City leaders across the globe are predicted to spend upwards of $41 trillion by 2020 to deploy smart city technologies within their locales. From Toronto to Tokyo, cities are vying to harness the benefits of the Internet of Things (“IOT”) in order to help make their streets safer, transportation more efficient, and their environments greener. While exciting, there are a number of challenges facing cities on their quest to get smart. Resources are scarce, building the required infrastructure is expensive and obtaining the necessary consensus and cooperation amongst municipal stakeholders can be downright impossible. For vendors looking to capitalize on this momentum, learning from successful smart city projects and planning around the common conflicts that tend to arise is crucial. Below are a number of best practices gleaned from the strategies and progress of a number of cities who have found success in implementing smart city solutions.
Continue Reading Covington IoT Update: Best Practices for Outsmarting Common Pitfalls in Smart City Projects

The Court of Justice of the EU (‘CJEU’) has held that an exclusive choice of forum clause can validly be imposed by so-called “click-wrap” contracts in online B2B transactions (see Case C‑322/14, El Majdoub v. CarsOnTheWeb.Deutschland GmbH).   The ruling will make it easier for online businesses in the EU to impose a favorable choice of forum in their online B2B contracts, ensuring that they can sue defendants in courts of their own choosing, rather than the defendants’ local courts.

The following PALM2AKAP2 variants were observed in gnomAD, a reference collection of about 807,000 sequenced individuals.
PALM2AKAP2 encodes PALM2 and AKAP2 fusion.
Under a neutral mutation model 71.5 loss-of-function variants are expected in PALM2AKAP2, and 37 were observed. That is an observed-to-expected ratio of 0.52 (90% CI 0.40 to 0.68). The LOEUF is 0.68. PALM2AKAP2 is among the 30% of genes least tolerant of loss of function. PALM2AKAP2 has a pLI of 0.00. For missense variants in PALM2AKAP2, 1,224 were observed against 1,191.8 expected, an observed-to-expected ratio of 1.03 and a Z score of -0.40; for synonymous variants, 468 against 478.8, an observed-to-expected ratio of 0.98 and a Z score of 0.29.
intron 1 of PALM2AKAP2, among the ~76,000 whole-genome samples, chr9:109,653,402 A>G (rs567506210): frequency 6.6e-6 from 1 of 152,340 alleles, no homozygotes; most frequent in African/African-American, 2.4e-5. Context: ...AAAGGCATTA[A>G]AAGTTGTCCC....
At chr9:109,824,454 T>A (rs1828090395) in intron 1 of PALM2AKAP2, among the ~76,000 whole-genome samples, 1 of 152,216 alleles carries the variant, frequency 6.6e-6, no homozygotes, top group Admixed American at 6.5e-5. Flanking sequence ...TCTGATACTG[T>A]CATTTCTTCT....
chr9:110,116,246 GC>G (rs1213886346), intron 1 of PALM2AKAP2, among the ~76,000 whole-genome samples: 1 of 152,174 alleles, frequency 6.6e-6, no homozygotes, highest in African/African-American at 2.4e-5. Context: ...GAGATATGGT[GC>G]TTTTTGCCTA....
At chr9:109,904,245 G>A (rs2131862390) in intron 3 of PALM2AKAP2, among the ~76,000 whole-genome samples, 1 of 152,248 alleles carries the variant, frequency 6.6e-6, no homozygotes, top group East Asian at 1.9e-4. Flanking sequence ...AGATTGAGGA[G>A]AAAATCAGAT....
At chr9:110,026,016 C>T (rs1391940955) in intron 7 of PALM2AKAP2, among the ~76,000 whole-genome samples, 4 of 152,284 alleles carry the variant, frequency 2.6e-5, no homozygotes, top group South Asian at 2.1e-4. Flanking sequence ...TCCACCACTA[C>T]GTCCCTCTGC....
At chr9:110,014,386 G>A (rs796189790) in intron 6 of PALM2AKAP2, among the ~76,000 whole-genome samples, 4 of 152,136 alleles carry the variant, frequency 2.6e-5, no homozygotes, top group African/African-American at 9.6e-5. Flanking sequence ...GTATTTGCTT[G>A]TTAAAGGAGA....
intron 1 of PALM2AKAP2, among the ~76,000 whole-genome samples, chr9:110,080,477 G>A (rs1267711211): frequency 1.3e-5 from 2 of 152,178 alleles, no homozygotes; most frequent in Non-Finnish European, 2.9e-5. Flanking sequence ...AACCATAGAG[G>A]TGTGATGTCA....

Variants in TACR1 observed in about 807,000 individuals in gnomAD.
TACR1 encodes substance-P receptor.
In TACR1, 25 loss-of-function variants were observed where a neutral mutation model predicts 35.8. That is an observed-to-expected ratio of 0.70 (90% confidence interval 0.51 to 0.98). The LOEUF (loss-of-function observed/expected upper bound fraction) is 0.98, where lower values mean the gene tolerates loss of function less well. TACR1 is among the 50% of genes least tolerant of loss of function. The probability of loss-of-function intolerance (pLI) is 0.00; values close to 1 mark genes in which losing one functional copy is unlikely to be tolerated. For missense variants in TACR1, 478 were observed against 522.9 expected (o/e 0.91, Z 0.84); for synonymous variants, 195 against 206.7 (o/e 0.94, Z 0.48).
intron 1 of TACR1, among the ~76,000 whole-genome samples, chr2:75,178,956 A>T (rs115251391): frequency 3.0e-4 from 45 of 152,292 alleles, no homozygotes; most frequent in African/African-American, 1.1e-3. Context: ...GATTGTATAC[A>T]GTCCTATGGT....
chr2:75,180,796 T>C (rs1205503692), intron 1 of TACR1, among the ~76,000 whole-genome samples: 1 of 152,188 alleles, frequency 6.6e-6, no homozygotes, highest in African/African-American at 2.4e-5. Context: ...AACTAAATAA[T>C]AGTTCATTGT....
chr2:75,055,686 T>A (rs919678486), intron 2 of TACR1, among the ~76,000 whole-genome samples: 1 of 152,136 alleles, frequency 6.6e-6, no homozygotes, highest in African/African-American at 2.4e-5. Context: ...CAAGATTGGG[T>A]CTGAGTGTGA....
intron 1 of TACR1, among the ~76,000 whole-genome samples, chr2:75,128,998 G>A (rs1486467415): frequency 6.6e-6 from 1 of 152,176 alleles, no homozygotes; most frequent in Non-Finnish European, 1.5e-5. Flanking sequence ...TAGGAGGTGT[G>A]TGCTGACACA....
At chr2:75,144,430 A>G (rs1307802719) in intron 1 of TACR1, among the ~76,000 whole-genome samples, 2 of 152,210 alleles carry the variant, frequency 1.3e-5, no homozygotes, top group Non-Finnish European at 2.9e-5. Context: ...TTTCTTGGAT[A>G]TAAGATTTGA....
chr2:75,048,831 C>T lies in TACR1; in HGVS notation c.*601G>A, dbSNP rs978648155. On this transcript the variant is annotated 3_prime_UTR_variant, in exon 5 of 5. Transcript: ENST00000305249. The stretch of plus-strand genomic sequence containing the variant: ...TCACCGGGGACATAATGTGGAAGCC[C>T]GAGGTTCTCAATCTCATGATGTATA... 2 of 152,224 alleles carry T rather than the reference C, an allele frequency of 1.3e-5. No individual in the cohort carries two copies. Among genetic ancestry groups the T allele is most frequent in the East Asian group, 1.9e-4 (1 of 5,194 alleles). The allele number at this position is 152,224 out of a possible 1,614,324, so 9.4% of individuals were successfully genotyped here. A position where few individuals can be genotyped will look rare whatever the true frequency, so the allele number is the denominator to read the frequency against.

The general EU-wide rule for B2B contractual disputes is that a defendant must be sued in its local courts only (see “Brussels I” Regulation (Regulation (EC) No 44/2001)).  However, parties can waive the default rule by agreement “in writing” (Article 23(1)).

To deal with contracts concluded electronically, Article 23(2) states – in the English version of the law – that any “electronic communication” that “provides” a durable record of the agreement is equivalent to “writing”; the French and German versions refer to the mere “possibility” of a durable record being formed.

There has been some uncertainty as to whether mere hyperlinking to terms and conditions is a “communication”.  The case before the Court focused on this point, with the claimant arguing that the relevant terms and conditions should at least have been displayed (automatically) before they placed their order.